Seraphim stood above Him. The holy ones were His attendants. Later, in Mark chapter 1, angels would become His deacons in the wilderness. Here they are His ministers in glory. In holy obeisance, reverence, and obedience, they do His bidding; and even in those days of incomplete revelation to men there are intimations here of the great Tri-Unity of Divine Persons, to Whom the seraphim cry, “Holy, Holy, Holy” in three-fold awe. The foundations of the thresholds of the house shook at the voice, and the house was filled with smoke. Uzziah had stood in the sanctuary which oft was filled with incense. But he was there without right, and it was there that he came under judgment. The Christ of Isaiah chapter 6 is the Christ Whose glory is the very incense of the heavens. Later, we shall read again, “The house was filled …”Jn.12.3, but this time with the fragrance of worship from a redeemed, adoring heart. The perfume of Mary’s appreciation fills the house in Bethany as once the heavenly house was filled with smoke. Isaiah feels his unworthiness in the awful Presence. “Woe is me! … undone … unclean” v.5. He feels as leprous as Uzziah in the sanctuary. The sight of the King, the Lord of Hosts, Jehovah Tsebaoth, has humbled him. So has it been with us. Seeing Him, we see ourselves. The revelation of His glory to us is the revelation to us of our own vile state by nature. But there is an altar, and from this altar comes the expiation of our sins, and the taking away of our iniquity.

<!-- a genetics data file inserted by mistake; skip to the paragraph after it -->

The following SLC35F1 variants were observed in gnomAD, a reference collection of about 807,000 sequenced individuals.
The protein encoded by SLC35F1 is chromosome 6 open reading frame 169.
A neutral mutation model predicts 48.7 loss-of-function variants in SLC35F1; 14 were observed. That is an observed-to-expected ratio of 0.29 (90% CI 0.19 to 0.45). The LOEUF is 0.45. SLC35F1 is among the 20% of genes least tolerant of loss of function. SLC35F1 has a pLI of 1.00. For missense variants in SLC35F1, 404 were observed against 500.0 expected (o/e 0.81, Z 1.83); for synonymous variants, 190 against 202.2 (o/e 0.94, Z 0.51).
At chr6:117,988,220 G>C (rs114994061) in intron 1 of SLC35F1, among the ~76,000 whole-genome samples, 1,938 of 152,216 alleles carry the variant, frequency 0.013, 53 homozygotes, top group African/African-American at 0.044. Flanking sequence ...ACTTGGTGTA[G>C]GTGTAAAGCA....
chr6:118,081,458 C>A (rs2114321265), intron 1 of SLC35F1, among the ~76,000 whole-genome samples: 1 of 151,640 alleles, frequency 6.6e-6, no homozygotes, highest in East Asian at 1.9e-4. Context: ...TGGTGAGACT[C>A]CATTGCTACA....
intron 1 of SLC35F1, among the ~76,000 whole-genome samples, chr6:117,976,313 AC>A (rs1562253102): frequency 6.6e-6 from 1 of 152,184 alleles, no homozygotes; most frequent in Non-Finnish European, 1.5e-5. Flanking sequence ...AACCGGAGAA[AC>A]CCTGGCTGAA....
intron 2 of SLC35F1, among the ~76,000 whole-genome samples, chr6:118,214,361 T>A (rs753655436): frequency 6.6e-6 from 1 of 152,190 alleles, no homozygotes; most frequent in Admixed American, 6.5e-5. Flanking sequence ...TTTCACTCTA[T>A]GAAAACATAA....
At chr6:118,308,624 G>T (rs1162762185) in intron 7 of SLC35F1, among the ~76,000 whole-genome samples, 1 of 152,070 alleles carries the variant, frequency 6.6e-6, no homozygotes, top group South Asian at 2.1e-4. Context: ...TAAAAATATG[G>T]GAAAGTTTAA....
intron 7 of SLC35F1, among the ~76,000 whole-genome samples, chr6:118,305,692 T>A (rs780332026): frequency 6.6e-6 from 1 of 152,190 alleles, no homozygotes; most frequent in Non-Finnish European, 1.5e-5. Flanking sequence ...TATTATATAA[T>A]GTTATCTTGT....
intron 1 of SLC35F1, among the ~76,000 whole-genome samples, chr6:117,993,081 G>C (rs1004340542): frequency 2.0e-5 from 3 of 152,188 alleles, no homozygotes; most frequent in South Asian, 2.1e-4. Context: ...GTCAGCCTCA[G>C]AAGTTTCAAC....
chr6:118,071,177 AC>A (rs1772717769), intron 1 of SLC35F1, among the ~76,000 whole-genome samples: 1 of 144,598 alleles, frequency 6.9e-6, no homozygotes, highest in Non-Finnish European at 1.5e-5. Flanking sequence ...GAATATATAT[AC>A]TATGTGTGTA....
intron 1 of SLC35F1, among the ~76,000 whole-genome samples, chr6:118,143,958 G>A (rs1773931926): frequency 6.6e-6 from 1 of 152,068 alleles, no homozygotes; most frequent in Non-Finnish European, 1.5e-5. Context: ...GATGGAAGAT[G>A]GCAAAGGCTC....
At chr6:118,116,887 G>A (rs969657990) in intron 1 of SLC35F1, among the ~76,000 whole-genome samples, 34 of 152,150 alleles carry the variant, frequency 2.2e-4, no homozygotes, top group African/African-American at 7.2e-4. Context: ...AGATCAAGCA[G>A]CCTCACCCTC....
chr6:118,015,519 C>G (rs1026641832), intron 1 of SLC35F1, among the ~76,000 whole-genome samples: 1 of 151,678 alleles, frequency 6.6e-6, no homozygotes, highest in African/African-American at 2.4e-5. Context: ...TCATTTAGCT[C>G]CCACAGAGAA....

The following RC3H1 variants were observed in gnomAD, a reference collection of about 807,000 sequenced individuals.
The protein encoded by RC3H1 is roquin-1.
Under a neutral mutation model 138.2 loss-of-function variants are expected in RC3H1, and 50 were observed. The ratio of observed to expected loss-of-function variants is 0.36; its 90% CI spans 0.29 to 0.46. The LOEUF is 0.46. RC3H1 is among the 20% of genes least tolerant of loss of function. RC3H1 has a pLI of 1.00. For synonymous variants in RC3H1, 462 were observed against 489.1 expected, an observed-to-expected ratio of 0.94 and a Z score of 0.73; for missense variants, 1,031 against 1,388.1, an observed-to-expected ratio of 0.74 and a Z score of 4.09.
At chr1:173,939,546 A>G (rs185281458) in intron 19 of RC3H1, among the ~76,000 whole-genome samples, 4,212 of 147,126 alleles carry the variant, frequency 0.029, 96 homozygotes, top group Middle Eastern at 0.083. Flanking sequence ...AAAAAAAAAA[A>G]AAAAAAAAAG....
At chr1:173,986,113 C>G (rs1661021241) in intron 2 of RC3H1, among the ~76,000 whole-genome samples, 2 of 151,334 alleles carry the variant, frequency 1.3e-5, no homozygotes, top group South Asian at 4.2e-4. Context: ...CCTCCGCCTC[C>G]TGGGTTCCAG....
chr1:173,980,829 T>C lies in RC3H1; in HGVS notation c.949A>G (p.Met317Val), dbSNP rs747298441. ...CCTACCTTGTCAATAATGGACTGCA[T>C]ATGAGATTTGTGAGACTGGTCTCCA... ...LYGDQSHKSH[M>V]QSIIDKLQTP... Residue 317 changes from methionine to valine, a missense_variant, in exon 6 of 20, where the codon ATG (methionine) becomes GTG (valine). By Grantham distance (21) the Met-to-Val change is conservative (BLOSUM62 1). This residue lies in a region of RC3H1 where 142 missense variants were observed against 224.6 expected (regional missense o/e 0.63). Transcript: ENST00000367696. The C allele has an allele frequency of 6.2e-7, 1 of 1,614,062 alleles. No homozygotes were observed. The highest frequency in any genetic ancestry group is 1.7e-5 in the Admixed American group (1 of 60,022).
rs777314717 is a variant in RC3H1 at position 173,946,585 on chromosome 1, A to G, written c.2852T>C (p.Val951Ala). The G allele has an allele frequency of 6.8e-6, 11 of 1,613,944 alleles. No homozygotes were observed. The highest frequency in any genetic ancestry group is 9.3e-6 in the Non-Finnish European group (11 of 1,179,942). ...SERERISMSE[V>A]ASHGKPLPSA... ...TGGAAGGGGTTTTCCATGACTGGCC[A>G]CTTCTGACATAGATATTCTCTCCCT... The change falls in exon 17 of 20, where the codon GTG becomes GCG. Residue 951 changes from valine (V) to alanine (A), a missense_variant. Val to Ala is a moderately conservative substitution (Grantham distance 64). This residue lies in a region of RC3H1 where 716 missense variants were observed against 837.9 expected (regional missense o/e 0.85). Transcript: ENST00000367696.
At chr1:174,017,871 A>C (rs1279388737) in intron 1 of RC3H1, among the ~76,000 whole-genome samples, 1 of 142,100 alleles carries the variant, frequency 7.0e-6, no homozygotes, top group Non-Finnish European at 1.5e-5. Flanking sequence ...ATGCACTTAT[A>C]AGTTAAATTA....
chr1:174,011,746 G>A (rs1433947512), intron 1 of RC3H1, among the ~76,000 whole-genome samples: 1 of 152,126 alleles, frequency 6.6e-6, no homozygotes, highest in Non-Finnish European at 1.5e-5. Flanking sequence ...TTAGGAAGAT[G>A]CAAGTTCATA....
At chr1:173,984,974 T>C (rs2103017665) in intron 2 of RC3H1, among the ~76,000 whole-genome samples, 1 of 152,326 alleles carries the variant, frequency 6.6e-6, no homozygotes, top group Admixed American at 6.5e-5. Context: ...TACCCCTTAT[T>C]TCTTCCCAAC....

So purged we stand in the same Presence and hear the call “Whom shall I send?” “Who will go for us?” May we have grace and courage to respond and say, “Here am I, send me” v.8. May we be willing, as Isaiah, to be ambassadors of the King in the midst of rebellion and anarchy. May the sound of His voice, the sight of His glory, and the remembrance of His cross, be our commission to live for Him here, His representatives until He comes.
In what simplicity of language is the most profound truth of Holy Scripture often expressed! The simple beauty of Isa.9.6 is a sublime example. Here we have the deepest, richest thoughts so easily conveyed to us. With inspired skill the prophet cuts the facets of this priceless solitaire, until there flashes forth rays of Messianic glory. The beams of light come from every direction; from the eternal past of a Divine Son Who had no beginning, and from the future glory of a millennium which is yet to be; from Bethlehem with its swaddling clothes, and from the heavens where the Father of Eternity sits enthroned. The pages are gilded with the glory of His Person. The details are exquisite.